Elizabeth: Yes, I can. The Art of the Pandemic Meltdown, I would believe most people know about these things too because we have got to all be having them. I cannot be the only one. A meltdown is where you temporarily lose control of yourself. You maybe snap it. Often times, the one that we think of is suddenly the toddler kicking and screaming and yelling and crying and rage. Sometimes these pandemic meltdowns can look like just checking out. I have to go to bed in the afternoon. Oftentimes, men in fact become quieter. Women will be the ones who are crying and carrying on, but they are both meltdowns. I want to be clear about that. This idea of temporarily losing control and often nowadays is the smallest things that push us over. For me, you hold it together for so many big things. Some serious fear of COVID, election stress, homeschooling, any loss of a job, all of the big things. For me, it was the backspace key on my keyboard on deadline that just popped off and would not go back on. The littlest thing just sends you off the edge and suddenly you are just ranting and raving. This is the pandemic meltdown. What I wrote about is that these meltdowns are actually can be good for us if you have them the right way. You do not want to have them too often. You certainly do not want to take out this loss of control in someone else. A good sort of private meltdown can really help you because you are getting rid of the stress and you are getting rid of these really painful emotions of fear and anxiety moving it out of the way and then you can regroup and go on. I wrote, “You need to accept it. Do not judge yourself for it and try to have a good meltdown.”
Jeffrey: It is a lot healthier to do it that way than many other ways. I think that is great. We talk about families and we talked about ourselves. Let us talk for a minute about our friendships and our neighbors. You wrote an article entitled ‘Bring Fun Back Into Your Friendships – Despite The COVID Pandemic’. Tell us about the advice you gave to strengthen our bonds with our friends, even if this strengthening is remotely and we cannot do it in person?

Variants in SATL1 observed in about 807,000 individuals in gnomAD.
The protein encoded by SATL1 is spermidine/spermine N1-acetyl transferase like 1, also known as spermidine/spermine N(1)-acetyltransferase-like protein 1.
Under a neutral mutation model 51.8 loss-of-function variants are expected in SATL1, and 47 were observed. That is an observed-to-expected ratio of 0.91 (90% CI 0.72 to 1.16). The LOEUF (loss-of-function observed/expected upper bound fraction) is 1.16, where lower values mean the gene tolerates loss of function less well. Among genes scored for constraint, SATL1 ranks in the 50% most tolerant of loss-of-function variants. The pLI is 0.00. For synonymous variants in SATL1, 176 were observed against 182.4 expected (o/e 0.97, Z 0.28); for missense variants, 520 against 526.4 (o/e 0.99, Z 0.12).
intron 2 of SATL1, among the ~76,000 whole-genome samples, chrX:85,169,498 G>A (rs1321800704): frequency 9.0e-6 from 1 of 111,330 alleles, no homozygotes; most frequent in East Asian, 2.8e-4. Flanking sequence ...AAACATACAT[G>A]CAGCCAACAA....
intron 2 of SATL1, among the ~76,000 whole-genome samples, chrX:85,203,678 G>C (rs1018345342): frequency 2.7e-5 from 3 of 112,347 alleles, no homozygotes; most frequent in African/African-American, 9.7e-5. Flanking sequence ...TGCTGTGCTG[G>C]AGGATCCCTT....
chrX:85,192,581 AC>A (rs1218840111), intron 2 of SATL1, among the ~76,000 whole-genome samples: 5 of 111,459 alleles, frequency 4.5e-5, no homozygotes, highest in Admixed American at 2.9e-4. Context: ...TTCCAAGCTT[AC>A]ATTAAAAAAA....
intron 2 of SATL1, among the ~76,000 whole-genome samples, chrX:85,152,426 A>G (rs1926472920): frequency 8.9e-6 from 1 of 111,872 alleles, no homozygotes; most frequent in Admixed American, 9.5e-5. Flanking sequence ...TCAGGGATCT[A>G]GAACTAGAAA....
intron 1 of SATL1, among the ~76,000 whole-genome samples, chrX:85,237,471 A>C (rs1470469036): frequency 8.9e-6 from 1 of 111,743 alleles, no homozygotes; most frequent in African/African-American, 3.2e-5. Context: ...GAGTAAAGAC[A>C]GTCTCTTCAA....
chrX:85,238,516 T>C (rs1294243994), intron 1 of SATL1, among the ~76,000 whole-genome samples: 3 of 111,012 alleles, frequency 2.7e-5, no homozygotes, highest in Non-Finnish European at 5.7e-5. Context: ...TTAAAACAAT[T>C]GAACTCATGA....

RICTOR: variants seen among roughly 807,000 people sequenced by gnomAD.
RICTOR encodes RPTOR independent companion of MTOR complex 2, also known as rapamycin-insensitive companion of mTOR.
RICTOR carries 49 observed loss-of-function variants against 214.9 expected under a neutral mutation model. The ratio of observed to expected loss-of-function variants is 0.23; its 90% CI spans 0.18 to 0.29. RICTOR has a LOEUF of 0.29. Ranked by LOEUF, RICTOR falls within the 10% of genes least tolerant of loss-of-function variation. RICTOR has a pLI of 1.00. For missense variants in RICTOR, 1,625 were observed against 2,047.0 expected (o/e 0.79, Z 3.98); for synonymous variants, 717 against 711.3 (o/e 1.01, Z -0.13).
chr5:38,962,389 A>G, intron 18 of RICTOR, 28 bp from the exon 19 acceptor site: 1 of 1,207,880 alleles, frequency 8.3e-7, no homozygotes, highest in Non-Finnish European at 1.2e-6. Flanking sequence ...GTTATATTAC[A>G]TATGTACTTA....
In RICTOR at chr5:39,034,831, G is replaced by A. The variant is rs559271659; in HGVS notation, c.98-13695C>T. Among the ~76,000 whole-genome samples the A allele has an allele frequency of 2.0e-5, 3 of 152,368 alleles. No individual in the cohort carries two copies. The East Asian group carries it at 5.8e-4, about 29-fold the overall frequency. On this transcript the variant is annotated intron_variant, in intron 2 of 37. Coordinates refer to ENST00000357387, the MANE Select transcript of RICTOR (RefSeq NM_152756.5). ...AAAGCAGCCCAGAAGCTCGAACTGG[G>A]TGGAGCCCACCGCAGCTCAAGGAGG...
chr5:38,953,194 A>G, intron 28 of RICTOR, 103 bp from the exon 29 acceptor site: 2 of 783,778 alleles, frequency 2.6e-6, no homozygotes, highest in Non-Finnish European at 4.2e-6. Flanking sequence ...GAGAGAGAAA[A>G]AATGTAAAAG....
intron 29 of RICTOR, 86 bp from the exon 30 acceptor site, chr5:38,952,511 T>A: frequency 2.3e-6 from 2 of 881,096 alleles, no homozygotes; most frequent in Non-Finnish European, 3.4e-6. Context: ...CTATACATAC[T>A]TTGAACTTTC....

Elizabeth: I liked this article in particular because I had seen research that showed that we are happier with our friends than we are with our family or our coworkers or our kids. Which does sound really amazing if you think about it that we are actually happier with our friends. Part of the reason is probably that we do more fun things with our friends. With our family, with our co-workers again, with our kids we tend to do chores and there is a lot of things that come with those relationships that are not pure fun, and our friends are often mostly fun. I wanted to look at what is special about friendships and why we need them now. I think many of us that are what we are missing. We can see our families, but we are not seeing our friends. We are not even having time to talk to our friends as much. How can we put that fun back? I wanted to look at that and a large part of it because I really miss my friends. A few pieces of advice if you are missing your friends, you want to reach out to them. Do not wait for them. I hear this often, “Well, so and so never calls me.” “Have you picked up the phone? Call them. Take the initiative to keep these relationships going, to keep them again, on track.” Right now, I think a lot of when we do reach out to our friends were rehearsing. We are going over and over all of our stressors. “How are you?” “Oh, well. This happened and that bad thing happened. I am anxious and on and on,” but how about putting that aside for now and trying really consciously to put the fun back into your friendships? It sounds light and silly, but it is actually pretty profound. You want to keep these friendships going and we want to keep the joy in them because that will buoy us up right now in a really difficult time. You could have not socially-distant fun, maybe you could take a hike or ride bikes together or meet in an outdoor cafe if that is something you are comfortable with. You could also have a socially-distant project. I gave an example in the article of my friends and family all got together and just did this resilience challenge to raise money for the Leukemia Association a month ago. We all tried to move 50 miles in one month and we did it online with each other and we had videos. It was actually really fun. It had the added goal that we all got off the couch. You could do that. You could try to have some kind of group thing from afar that is kind of a fun thing. Another piece. When you are doing this, try to call your friends, try to have some fun with them. Another piece of advice is to let us think more carefully now about dialing down the therapy sessions. Let us dial back the anxiety. If I am missing my friends, I am missing that fun. I do not have to call them all the time and just go over and over what is wrong in my life where everything that they are worried about. How about trying to get back to something joyful in these friendships? That is really what I was writing about.